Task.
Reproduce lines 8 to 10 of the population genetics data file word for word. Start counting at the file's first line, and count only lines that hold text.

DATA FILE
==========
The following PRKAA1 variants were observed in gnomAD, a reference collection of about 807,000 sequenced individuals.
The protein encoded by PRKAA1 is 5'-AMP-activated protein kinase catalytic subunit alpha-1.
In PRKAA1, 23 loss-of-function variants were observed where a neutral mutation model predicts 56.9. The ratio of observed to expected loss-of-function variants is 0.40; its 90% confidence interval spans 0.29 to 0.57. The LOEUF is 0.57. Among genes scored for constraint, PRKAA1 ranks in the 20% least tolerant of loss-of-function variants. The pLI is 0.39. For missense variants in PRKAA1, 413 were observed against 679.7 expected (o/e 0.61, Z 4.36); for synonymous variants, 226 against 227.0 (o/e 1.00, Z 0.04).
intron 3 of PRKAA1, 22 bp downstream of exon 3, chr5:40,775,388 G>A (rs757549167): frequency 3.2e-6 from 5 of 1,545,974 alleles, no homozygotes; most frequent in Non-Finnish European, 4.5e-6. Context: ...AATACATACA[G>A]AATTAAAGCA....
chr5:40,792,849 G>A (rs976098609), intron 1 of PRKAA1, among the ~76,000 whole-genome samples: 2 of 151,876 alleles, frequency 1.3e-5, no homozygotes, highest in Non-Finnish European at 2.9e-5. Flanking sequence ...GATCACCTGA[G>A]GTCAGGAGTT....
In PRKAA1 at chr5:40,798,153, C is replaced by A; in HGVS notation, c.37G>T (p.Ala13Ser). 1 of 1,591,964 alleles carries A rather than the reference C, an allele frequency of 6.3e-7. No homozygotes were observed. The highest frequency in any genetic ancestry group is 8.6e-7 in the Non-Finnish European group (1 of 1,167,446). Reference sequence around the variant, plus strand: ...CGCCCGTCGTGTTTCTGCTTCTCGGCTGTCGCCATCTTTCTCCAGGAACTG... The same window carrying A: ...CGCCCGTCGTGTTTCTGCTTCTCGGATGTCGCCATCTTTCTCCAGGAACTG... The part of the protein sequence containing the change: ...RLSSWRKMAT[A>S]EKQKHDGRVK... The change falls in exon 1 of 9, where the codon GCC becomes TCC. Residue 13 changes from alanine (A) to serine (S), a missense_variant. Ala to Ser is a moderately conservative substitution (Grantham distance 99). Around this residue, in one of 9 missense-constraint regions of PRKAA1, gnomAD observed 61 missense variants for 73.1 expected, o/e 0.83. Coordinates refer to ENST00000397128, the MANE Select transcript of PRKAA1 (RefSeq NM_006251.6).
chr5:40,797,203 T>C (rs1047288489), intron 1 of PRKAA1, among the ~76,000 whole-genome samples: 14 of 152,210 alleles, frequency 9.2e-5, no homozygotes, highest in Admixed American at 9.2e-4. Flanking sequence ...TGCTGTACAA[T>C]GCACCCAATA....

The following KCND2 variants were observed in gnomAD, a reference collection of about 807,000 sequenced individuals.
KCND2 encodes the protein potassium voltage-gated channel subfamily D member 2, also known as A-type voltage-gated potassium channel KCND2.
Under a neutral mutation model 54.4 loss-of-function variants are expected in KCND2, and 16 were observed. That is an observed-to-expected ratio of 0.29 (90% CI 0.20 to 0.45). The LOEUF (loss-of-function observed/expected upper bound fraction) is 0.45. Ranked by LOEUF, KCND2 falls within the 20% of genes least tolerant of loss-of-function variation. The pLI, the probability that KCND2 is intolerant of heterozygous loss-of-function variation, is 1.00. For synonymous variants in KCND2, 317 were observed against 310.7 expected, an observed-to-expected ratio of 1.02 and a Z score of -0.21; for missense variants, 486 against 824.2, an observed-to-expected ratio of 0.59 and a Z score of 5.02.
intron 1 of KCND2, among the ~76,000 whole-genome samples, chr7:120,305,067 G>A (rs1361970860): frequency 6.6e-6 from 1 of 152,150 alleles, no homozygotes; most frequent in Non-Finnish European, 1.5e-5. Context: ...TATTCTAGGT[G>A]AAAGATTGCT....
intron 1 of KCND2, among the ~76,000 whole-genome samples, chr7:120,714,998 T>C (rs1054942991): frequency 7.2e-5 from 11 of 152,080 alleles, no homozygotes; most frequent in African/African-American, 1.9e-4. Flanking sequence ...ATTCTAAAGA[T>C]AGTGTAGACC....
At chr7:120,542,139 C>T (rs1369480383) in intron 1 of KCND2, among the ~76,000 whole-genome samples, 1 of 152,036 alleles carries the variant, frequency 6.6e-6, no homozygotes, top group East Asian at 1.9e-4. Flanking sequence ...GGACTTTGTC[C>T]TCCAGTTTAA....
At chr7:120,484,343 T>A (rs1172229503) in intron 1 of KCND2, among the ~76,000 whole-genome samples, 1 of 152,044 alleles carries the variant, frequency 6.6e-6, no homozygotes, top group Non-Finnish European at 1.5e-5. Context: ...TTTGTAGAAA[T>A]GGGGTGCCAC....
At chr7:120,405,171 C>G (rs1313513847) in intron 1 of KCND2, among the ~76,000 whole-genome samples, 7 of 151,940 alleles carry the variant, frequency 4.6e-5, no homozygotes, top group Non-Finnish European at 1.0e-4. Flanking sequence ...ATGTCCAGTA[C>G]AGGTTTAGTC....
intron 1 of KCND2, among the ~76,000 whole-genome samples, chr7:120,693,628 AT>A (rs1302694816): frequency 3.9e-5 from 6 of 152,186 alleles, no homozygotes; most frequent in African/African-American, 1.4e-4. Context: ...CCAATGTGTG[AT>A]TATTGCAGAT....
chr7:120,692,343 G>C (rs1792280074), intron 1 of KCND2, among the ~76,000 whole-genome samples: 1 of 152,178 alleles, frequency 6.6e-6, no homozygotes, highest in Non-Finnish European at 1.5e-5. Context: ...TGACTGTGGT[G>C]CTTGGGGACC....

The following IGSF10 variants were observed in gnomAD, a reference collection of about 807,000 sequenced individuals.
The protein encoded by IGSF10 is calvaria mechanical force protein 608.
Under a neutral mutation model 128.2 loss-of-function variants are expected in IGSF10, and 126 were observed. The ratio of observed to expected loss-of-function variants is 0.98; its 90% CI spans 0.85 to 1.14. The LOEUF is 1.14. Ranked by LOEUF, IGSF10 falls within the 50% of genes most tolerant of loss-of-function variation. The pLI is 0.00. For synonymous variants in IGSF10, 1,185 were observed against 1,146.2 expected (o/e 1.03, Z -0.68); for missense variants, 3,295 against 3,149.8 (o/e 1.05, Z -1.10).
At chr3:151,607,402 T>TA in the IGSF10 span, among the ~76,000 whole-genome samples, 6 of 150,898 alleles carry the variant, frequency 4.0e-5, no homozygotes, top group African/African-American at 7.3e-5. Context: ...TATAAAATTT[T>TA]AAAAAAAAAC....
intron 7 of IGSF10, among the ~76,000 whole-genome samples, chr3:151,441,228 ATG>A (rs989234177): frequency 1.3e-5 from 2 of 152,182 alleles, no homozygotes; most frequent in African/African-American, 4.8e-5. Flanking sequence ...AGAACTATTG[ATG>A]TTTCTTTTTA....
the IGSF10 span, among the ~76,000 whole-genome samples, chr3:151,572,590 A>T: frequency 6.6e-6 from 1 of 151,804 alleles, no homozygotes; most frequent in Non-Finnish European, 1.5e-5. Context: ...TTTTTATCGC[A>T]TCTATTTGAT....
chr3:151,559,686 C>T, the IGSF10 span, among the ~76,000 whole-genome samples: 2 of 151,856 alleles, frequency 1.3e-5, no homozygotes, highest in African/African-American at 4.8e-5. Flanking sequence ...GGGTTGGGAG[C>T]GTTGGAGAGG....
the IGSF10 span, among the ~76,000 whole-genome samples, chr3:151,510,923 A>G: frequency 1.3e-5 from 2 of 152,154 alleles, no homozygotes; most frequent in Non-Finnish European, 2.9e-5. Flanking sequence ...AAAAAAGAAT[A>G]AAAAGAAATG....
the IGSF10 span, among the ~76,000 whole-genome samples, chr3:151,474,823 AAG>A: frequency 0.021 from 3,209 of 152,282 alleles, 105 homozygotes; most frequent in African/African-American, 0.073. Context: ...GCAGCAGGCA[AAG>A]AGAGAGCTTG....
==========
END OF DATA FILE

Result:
The following KCND2 variants were observed in gnomAD, a reference collection of about 807,000 sequenced individuals.
KCND2 encodes the protein potassium voltage-gated channel subfamily D member 2, also known as A-type voltage-gated potassium channel KCND2.
Under a neutral mutation model 54.4 loss-of-function variants are expected in KCND2, and 16 were observed. That is an observed-to-expected ratio of 0.29 (90% CI 0.20 to 0.45). The LOEUF (loss-of-function observed/expected upper bound fraction) is 0.45. Ranked by LOEUF, KCND2 falls within the 20% of genes least tolerant of loss-of-function variation. The pLI, the probability that KCND2 is intolerant of heterozygous loss-of-function variation, is 1.00. For synonymous variants in KCND2, 317 were observed against 310.7 expected, an observed-to-expected ratio of 1.02 and a Z score of -0.21; for missense variants, 486 against 824.2, an observed-to-expected ratio of 0.59 and a Z score of 5.02.